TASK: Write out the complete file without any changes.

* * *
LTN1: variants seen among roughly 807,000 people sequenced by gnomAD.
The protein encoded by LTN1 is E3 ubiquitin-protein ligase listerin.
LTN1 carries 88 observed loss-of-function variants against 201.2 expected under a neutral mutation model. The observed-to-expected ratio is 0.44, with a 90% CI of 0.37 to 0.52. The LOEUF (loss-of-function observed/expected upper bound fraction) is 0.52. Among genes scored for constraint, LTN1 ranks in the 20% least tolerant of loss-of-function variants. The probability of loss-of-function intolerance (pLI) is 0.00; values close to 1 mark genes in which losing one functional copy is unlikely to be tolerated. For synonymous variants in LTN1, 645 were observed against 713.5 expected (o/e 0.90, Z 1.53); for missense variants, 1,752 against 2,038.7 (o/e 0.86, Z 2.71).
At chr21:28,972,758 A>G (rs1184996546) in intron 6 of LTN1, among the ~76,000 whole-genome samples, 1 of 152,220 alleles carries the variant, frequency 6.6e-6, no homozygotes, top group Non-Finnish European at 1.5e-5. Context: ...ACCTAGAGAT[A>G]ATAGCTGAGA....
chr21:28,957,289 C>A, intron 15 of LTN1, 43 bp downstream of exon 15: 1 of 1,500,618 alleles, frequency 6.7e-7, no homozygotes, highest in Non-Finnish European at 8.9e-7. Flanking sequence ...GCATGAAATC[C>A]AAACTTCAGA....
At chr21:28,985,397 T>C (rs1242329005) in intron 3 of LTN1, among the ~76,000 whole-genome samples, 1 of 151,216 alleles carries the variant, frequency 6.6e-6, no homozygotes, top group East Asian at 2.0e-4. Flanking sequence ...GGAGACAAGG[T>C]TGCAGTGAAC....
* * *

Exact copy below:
LTN1: variants seen among roughly 807,000 people sequenced by gnomAD.
The protein encoded by LTN1 is E3 ubiquitin-protein ligase listerin.
LTN1 carries 88 observed loss-of-function variants against 201.2 expected under a neutral mutation model. The observed-to-expected ratio is 0.44, with a 90% CI of 0.37 to 0.52. The LOEUF (loss-of-function observed/expected upper bound fraction) is 0.52. Among genes scored for constraint, LTN1 ranks in the 20% least tolerant of loss-of-function variants. The probability of loss-of-function intolerance (pLI) is 0.00; values close to 1 mark genes in which losing one functional copy is unlikely to be tolerated. For synonymous variants in LTN1, 645 were observed against 713.5 expected (o/e 0.90, Z 1.53); for missense variants, 1,752 against 2,038.7 (o/e 0.86, Z 2.71).
At chr21:28,972,758 A>G (rs1184996546) in intron 6 of LTN1, among the ~76,000 whole-genome samples, 1 of 152,220 alleles carries the variant, frequency 6.6e-6, no homozygotes, top group Non-Finnish European at 1.5e-5. Context: ...ACCTAGAGAT[A>G]ATAGCTGAGA....
chr21:28,957,289 C>A, intron 15 of LTN1, 43 bp downstream of exon 15: 1 of 1,500,618 alleles, frequency 6.7e-7, no homozygotes, highest in Non-Finnish European at 8.9e-7. Flanking sequence ...GCATGAAATC[C>A]AAACTTCAGA....
At chr21:28,985,397 T>C (rs1242329005) in intron 3 of LTN1, among the ~76,000 whole-genome samples, 1 of 151,216 alleles carries the variant, frequency 6.6e-6, no homozygotes, top group East Asian at 2.0e-4. Flanking sequence ...GGAGACAAGG[T>C]TGCAGTGAAC....